AKT Hyperactivation and the Potential of AKT-Targeted Therapy in Diffuse Large B-Cell Lymphoma Academic Article uri icon

Overview

MeSH Major

  • Lymphoma, Large B-Cell, Diffuse
  • Proto-Oncogene Proteins c-akt

abstract

  • AKT signaling is important for proliferation and survival of tumor cells. The clinical significance of AKT activation in diffuse large B-cell lymphoma (DLBCL) is not well analyzed. Here, we assessed expression of phosphorylated AKT (p-AKT) in 522 DLBCL patients. We found that high levels of p-AKT nuclear expression, observed in 24.3% of the study cohort, were associated with significantly worse progression-free survival and Myc and Bcl-2 overexpression. However, multivariate analysis indicated that AKT hyperactivation was not an independent factor. miRNA profiling analysis demonstrated that 63 miRNAs directly or indirectly related to the phosphatidylinositol 3-kinase/AKT/mechanistic target of rapamycin pathway were differentially expressed between DLBCLs with high and low p-AKT nuclear expression. We further targeted AKT signaling using a highly selective AKT inhibitor MK-2206 in 26 representative DLBCL cell lines and delineated signaling alterations using a reverse-phase protein array. MK-2206 treatment inhibited lymphoma cell viability, and MK-2206 sensitivity correlated with AKT activation status in DLBCL cells. On MK-2206 treatment, p-AKT levels and downstream targets of AKT signaling were significantly decreased, likely because of the decreased feedback repression; Rictor and phosphatidylinositol 3-kinase expression and other compensatory pathways were also induced. This study demonstrates the clinical and therapeutic implications of AKT hyperactivation in DLBCL and suggests that AKT inhibitors need to be combined with other targeted agents for DLBCL to achieve optimal clinical efficacy.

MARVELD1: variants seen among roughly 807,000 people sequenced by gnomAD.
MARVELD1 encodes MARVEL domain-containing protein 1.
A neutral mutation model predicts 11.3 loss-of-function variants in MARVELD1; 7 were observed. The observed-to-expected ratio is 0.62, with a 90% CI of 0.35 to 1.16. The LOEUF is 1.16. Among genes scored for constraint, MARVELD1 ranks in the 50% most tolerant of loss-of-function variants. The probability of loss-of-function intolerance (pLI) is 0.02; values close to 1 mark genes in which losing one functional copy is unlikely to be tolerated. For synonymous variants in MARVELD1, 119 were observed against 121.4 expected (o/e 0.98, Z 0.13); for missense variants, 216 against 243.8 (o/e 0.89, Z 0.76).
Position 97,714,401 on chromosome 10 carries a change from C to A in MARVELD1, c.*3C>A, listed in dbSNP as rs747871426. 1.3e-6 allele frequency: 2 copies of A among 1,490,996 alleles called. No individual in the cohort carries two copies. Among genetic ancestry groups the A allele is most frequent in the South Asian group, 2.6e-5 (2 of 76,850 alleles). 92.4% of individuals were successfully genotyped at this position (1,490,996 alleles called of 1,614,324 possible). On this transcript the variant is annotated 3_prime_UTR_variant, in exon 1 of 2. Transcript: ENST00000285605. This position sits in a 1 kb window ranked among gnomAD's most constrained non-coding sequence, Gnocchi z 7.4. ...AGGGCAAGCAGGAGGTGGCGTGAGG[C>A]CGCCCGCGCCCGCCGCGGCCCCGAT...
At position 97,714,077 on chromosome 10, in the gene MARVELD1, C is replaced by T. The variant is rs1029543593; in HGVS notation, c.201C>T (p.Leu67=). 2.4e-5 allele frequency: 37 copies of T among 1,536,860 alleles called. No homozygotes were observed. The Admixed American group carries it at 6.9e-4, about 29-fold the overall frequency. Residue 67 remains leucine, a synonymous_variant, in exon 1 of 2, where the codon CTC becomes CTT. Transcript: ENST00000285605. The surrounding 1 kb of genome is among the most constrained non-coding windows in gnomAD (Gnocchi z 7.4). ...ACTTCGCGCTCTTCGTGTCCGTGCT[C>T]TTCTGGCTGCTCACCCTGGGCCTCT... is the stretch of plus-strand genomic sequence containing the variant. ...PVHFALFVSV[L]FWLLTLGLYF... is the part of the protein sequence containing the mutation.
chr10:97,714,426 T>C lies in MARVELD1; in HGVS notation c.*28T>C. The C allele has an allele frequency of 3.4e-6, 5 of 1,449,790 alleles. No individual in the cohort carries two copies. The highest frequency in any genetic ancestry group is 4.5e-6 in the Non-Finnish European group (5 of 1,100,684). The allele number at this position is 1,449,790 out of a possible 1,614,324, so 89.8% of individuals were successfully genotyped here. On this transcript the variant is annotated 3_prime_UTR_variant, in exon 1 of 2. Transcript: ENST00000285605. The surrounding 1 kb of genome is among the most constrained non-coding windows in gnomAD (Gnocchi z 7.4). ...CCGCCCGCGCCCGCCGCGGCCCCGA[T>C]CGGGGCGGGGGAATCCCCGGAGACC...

publication date

  • August 2017

Research

keywords

  • Academic Article

Identity

Language

  • eng

PubMed Central ID

  • PMC5530910

Digital Object Identifier (DOI)

  • 10.1016/j.ajpath.2017.04.009

PubMed ID

  • 28627414

Additional Document Info

start page

  • 1700

end page

  • 1716

volume

  • 187

number

  • 8